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  • Updated 25 May 2019
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Ring of Doom

The Ruling Ring of the Dark Lord Sauron

A name given to Sauron's One Ring, after its destruction, by Sam Gamgee. Stranded with Frodo Baggins on the slopes of Mount Doom, and imagining that they were doomed to perish in the inferno the followed the Ring's unmaking, Sam pondered how bards and tale-tellers might present the story of their quest. He imagined the tale of Nine-Fingered Frodo and the Ring of Doom (Frodo had lost the third finger of his right hand, the finger that bore the Ring, when it was bitten off by Gollum).

Beyond hope, Frodo and Sam were rescued by the Eagles and carried to safety. At the Field of Cormallen, they were feted by the people of Gondor, and a minstrel stood forward to sing of their deeds. His song was of Frodo of the Nine Fingers and the Ring of Doom, a name so closely echoing Sam's imagined tale that the Hobbit burst into laughter and then into tears.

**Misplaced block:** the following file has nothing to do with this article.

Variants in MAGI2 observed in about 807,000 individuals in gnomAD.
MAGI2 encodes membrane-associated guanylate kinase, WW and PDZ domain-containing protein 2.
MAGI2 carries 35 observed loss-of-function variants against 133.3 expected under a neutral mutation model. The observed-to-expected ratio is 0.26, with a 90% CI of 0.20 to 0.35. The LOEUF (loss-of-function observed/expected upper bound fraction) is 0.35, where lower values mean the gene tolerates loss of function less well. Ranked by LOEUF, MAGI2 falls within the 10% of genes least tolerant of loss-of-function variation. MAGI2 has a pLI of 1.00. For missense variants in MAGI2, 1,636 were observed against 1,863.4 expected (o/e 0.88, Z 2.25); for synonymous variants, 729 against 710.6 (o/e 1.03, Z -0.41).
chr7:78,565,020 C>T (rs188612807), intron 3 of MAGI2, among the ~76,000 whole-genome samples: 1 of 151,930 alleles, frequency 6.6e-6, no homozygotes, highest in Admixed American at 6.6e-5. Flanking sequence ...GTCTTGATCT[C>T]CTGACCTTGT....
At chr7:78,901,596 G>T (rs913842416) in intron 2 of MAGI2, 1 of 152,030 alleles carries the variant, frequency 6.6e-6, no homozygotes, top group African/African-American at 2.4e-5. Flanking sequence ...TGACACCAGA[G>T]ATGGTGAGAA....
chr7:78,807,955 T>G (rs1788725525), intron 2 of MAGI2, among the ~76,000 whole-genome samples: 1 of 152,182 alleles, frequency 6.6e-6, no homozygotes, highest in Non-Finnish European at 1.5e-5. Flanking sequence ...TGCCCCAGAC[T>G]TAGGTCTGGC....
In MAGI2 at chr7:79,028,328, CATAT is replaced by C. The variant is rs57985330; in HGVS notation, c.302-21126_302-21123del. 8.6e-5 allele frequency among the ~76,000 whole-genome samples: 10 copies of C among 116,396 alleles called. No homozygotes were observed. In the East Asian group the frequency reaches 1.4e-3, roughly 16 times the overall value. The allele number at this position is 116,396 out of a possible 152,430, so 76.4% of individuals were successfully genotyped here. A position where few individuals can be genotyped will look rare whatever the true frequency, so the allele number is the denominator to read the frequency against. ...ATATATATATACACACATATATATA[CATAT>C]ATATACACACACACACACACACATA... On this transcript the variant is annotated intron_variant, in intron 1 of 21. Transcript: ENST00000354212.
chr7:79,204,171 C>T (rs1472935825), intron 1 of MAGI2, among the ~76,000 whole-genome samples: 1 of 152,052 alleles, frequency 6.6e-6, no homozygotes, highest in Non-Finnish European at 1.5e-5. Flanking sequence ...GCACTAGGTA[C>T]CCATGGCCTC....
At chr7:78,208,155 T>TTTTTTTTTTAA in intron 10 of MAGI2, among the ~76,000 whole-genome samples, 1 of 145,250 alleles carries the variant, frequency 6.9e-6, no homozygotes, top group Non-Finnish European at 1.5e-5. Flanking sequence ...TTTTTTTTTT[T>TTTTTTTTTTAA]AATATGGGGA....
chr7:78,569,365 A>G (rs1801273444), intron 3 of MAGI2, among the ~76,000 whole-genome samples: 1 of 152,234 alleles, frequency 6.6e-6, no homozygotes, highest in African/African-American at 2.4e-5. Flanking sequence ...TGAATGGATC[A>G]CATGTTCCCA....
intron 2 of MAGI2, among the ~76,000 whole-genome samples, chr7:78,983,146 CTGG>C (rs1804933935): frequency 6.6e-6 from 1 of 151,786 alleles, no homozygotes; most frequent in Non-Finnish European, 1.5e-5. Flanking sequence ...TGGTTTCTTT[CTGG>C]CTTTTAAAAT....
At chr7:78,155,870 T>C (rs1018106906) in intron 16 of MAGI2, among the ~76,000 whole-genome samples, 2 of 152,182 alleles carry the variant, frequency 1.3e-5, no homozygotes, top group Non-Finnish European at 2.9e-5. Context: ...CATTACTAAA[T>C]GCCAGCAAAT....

The name 'Ring of Doom' has two possible interpretations, and Sam might have had either of them (or both) in mind when he coined the phrase. At one level, the fate of the One Ring would decide the outcome of the War of the Ring, and hence the fate of the whole of Middle-earth. Had it been recovered by Sauron, it would truly have doomed the Free Peoples. On a perhaps more prosaic level, it was made in Mount Doom, and Sam had just seen it returned to the Fire of Doom from which it had been born. On that level, the 'Doom' of its name referred not only to its dreadful power, but literally to the place where it had been both made and unmade.


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  • Updated 25 May 2019
  • Updates planned: 1

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